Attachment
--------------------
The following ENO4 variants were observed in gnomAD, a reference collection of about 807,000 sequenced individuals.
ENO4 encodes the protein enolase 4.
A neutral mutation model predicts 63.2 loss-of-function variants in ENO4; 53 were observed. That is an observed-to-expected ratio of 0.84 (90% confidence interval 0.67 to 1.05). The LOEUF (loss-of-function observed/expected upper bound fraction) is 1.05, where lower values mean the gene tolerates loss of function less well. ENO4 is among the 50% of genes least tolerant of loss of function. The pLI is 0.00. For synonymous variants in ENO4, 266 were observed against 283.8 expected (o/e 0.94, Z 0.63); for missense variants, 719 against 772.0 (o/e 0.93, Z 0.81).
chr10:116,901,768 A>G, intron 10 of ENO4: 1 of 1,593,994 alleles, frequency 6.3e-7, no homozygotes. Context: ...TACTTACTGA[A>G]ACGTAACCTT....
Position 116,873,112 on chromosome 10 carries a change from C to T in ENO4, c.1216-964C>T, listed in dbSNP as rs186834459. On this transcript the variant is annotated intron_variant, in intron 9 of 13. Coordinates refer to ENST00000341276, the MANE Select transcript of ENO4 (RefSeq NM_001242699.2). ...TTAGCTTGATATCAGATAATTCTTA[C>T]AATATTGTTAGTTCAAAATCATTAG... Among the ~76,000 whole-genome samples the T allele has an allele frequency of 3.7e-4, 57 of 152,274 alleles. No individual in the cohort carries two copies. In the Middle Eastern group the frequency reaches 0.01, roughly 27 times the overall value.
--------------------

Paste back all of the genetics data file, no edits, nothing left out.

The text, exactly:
The following ENO4 variants were observed in gnomAD, a reference collection of about 807,000 sequenced individuals.
ENO4 encodes the protein enolase 4.
A neutral mutation model predicts 63.2 loss-of-function variants in ENO4; 53 were observed. That is an observed-to-expected ratio of 0.84 (90% confidence interval 0.67 to 1.05). The LOEUF (loss-of-function observed/expected upper bound fraction) is 1.05, where lower values mean the gene tolerates loss of function less well. ENO4 is among the 50% of genes least tolerant of loss of function. The pLI is 0.00. For synonymous variants in ENO4, 266 were observed against 283.8 expected (o/e 0.94, Z 0.63); for missense variants, 719 against 772.0 (o/e 0.93, Z 0.81).
chr10:116,901,768 A>G, intron 10 of ENO4: 1 of 1,593,994 alleles, frequency 6.3e-7, no homozygotes. Context: ...TACTTACTGA[A>G]ACGTAACCTT....
Position 116,873,112 on chromosome 10 carries a change from C to T in ENO4, c.1216-964C>T, listed in dbSNP as rs186834459. On this transcript the variant is annotated intron_variant, in intron 9 of 13. Coordinates refer to ENST00000341276, the MANE Select transcript of ENO4 (RefSeq NM_001242699.2). ...TTAGCTTGATATCAGATAATTCTTA[C>T]AATATTGTTAGTTCAAAATCATTAG... Among the ~76,000 whole-genome samples the T allele has an allele frequency of 3.7e-4, 57 of 152,274 alleles. No individual in the cohort carries two copies. In the Middle Eastern group the frequency reaches 0.01, roughly 27 times the overall value.